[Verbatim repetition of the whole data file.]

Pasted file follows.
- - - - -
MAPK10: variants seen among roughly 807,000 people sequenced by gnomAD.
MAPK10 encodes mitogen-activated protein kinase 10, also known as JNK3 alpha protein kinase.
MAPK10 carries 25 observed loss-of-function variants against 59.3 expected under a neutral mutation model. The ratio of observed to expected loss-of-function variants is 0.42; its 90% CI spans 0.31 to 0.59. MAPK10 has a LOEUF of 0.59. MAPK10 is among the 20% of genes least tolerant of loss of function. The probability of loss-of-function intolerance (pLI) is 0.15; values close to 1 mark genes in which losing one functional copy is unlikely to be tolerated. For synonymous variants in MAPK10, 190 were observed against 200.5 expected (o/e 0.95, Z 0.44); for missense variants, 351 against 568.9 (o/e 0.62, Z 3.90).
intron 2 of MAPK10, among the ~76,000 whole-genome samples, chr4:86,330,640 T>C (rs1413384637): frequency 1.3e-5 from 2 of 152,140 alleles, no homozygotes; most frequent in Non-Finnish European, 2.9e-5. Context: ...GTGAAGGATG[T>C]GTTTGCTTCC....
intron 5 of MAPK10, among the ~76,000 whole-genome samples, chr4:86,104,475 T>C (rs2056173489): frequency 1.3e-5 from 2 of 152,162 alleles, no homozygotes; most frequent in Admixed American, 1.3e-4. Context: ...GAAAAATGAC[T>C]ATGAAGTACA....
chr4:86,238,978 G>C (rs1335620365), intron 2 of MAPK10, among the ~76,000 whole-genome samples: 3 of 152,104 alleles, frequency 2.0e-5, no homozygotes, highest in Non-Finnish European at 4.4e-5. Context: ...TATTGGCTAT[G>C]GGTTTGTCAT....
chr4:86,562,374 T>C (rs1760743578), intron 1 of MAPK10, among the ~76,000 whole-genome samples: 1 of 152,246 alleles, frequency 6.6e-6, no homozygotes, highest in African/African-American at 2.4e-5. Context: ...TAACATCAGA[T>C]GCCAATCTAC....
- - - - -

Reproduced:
MAPK10: variants seen among roughly 807,000 people sequenced by gnomAD.
MAPK10 encodes mitogen-activated protein kinase 10, also known as JNK3 alpha protein kinase.
MAPK10 carries 25 observed loss-of-function variants against 59.3 expected under a neutral mutation model. The ratio of observed to expected loss-of-function variants is 0.42; its 90% CI spans 0.31 to 0.59. MAPK10 has a LOEUF of 0.59. MAPK10 is among the 20% of genes least tolerant of loss of function. The probability of loss-of-function intolerance (pLI) is 0.15; values close to 1 mark genes in which losing one functional copy is unlikely to be tolerated. For synonymous variants in MAPK10, 190 were observed against 200.5 expected (o/e 0.95, Z 0.44); for missense variants, 351 against 568.9 (o/e 0.62, Z 3.90).
intron 2 of MAPK10, among the ~76,000 whole-genome samples, chr4:86,330,640 T>C (rs1413384637): frequency 1.3e-5 from 2 of 152,140 alleles, no homozygotes; most frequent in Non-Finnish European, 2.9e-5. Context: ...GTGAAGGATG[T>C]GTTTGCTTCC....
intron 5 of MAPK10, among the ~76,000 whole-genome samples, chr4:86,104,475 T>C (rs2056173489): frequency 1.3e-5 from 2 of 152,162 alleles, no homozygotes; most frequent in Admixed American, 1.3e-4. Context: ...GAAAAATGAC[T>C]ATGAAGTACA....
chr4:86,238,978 G>C (rs1335620365), intron 2 of MAPK10, among the ~76,000 whole-genome samples: 3 of 152,104 alleles, frequency 2.0e-5, no homozygotes, highest in Non-Finnish European at 4.4e-5. Context: ...TATTGGCTAT[G>C]GGTTTGTCAT....
chr4:86,562,374 T>C (rs1760743578), intron 1 of MAPK10, among the ~76,000 whole-genome samples: 1 of 152,246 alleles, frequency 6.6e-6, no homozygotes, highest in African/African-American at 2.4e-5. Context: ...TAACATCAGA[T>C]GCCAATCTAC....